Investing in natural gas boosts union jobs and lowers prices

As New England and the rest of the Northern Hemisphere face a harsh winter, with a dramatic tightening of energy supplies around the world, consumers brace for what will likely be lower gas bills, d electricity and heating high for the rest of the season.

Boasting vast reserves of natural gas and a seasoned commitment to responsible operations, the U.S. natural gas transportation industry has the means and the desire to alleviate supply constraints and high energy prices by linking producers to consumers. But recently, several investments planned to create new gas pipelines and related infrastructure have been suspended or suspended due to legal and regulatory challenges.

In September, PennEast Pipeline Co. announced it was canceling its pipeline, designed to transport natural gas from the Marcellus/Utica shale in Pennsylvania to homes and businesses in New Jersey, because New Jersey was refusing necessary permits. The Northeast Supply Improvement Project, which could transport enough gas for 2 million homes in three states a day, has been delayed due to state regulatory complications. Work on the Mountain Valley pipeline is currently more than 90% complete, but the project has experienced years of delays due to opposition challenges and disputes over previously approved and acquired permits.

Canceled and delayed pipeline projects are driving up energy costs for Americans and killing thousands of well-paying union construction jobs. The Workers’ International Union of North America is one of the largest construction unions in the country, representing more than half a million members, with energy – primarily gas pipeline infrastructure – being a sector core of our work. Over the past decade, the natural gas industry has provided tens of millions of labor hours to LIUNA members, creating good construction jobs with family-supporting wages and benefits.

Thousands of LIUNA members spend their entire construction careers in the pipeline industry, developing the expertise and experience necessary to ensure these projects are built to the highest safety and quality standards. Delays and cancellations like those mentioned lead to chaos and economic uncertainty for construction workers and their families.

Despite resistance from regulators to building new infrastructure, demand on our existing systems continues to grow as families, businesses and power producers continue to reap the benefits of our nation’s natural gas resources. US natural gas consumption has increased 25% over the past decade and is expected to continue to rise.

Natural gas also has obvious environmental advantages and supports the energy transition. As the cleanest fossil fuel, natural gas is the cheapest, most flexible and reliable option to compensate for the intermittency characteristic of renewable energies. The successful combination of these fuels has made the United States a global climate leader.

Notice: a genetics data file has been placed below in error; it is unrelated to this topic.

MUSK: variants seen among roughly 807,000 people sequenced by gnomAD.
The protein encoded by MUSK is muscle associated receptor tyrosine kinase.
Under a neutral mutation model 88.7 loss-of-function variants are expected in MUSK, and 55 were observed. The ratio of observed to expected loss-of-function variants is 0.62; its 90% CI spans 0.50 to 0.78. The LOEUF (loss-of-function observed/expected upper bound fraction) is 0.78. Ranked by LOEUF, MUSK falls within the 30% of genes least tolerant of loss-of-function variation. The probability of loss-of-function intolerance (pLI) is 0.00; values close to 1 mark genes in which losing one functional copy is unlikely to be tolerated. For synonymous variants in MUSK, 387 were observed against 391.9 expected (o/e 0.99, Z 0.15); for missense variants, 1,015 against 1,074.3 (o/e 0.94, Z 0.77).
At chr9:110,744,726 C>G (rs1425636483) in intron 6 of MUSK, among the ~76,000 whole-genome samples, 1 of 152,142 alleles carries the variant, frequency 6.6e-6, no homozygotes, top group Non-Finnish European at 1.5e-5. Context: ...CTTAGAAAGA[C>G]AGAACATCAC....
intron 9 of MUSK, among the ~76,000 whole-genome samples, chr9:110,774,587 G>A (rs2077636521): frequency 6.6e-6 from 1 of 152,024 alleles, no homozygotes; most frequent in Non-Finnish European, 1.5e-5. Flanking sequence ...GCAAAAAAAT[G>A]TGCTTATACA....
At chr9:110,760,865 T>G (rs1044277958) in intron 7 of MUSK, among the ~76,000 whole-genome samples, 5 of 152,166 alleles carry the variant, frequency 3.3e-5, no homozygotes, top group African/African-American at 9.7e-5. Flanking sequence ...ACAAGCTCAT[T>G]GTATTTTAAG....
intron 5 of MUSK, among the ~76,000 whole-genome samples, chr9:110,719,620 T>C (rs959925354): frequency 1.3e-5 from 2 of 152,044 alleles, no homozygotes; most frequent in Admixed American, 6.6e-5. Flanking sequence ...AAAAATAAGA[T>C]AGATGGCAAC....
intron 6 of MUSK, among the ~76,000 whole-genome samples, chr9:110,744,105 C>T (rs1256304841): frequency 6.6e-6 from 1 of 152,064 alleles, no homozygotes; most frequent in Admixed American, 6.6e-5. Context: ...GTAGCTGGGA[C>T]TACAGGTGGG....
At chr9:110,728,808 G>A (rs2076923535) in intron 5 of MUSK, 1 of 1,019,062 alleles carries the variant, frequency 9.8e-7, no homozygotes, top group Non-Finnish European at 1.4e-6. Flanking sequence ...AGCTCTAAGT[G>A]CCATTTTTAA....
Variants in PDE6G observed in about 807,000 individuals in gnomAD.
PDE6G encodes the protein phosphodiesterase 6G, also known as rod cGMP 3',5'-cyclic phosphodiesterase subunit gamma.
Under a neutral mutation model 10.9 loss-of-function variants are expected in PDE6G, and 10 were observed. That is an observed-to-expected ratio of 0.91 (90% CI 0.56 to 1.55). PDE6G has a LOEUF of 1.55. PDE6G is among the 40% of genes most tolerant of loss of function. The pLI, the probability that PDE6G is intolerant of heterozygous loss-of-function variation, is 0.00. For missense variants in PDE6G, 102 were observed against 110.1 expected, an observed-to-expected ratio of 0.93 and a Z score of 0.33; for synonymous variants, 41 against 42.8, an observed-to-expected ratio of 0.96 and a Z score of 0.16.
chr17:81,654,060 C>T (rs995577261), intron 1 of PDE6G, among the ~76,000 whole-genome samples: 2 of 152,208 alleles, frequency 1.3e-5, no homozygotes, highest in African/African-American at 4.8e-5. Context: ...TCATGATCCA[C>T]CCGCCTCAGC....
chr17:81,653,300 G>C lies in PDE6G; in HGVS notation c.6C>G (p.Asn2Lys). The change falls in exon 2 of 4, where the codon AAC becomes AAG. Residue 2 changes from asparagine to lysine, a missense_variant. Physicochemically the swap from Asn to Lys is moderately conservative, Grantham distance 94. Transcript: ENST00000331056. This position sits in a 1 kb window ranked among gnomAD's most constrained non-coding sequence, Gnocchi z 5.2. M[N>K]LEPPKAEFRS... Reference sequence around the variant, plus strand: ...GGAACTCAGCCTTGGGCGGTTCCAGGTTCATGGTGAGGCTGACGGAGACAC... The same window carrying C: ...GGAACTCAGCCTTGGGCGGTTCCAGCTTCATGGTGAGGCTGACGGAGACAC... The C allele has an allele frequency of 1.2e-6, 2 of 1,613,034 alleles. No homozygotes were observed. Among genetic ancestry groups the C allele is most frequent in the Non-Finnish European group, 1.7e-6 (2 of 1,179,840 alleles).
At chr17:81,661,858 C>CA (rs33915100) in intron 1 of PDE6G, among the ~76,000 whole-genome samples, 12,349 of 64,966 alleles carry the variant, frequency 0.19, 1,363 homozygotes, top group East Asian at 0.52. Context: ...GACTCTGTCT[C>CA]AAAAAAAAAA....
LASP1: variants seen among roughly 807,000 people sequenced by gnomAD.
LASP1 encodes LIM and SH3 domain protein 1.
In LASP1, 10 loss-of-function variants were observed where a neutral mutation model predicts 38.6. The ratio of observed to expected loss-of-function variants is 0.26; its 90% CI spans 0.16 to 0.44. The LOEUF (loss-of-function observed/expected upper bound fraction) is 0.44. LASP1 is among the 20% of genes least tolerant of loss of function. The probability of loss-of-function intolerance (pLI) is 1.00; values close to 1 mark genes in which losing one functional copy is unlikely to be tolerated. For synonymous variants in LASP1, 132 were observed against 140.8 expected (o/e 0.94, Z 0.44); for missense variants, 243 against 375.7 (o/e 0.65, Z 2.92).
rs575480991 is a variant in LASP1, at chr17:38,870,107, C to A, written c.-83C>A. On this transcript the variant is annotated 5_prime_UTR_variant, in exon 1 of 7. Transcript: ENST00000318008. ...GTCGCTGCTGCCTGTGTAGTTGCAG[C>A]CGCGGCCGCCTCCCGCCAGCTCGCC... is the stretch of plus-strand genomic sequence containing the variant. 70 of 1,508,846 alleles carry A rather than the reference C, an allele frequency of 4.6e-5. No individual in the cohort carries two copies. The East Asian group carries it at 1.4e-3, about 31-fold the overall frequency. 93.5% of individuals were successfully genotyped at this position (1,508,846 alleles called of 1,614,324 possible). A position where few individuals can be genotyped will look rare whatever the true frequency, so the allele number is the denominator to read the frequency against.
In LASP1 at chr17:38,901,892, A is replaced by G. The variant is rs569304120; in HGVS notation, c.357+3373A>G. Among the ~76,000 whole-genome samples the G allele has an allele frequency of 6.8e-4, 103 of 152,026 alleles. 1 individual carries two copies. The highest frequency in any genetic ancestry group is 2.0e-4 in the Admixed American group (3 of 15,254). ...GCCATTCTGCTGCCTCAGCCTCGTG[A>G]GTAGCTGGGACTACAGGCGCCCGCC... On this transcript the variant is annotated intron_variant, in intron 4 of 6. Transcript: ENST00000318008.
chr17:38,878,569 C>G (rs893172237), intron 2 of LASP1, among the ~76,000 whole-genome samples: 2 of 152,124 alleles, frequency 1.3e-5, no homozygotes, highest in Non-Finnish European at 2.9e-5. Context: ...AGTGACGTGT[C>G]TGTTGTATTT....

The United States has reduced its CO2 emissions more than any other country since 2000, with the transition to a mix of natural gas and renewable energy resulting in a 33% reduction in CO2 emissions from 2005 to 2019, even with a increasing electricity production. And there is still potential for more environmental gains. For example, natural gas infrastructure companies are exploring how to safely mix renewable hydrogen produced by wind or solar power in gas pipelines, which would further reduce emissions while building renewable energy capacity.

As we see it unfold in real time, exporting U.S. natural gas overseas can enable our allies and trading partners to achieve the same climate and economic progress as the United States. Our ability to deploy new fuels to support a clean energy future around the world is dependent on our ability to invest more in natural gas transportation and storage infrastructure here at home.

Fostering investment in natural gas infrastructure now – through sound policies and predictable regulations that protect both the environment and energy reliability – is essential given the expected increase in demand for natural gas. Member companies of the Interstate Natural Gas Association of America are ready to make the necessary investments, and LIUNA members are ready to work. We call on decision makers in New England and across the country to work with us to achieve these goals.

Amy Andryszak is president and CEO of the Interstate Natural Gas Association of America. Terry O’Sullivan is the General President of the Workers’ International Union of North America.

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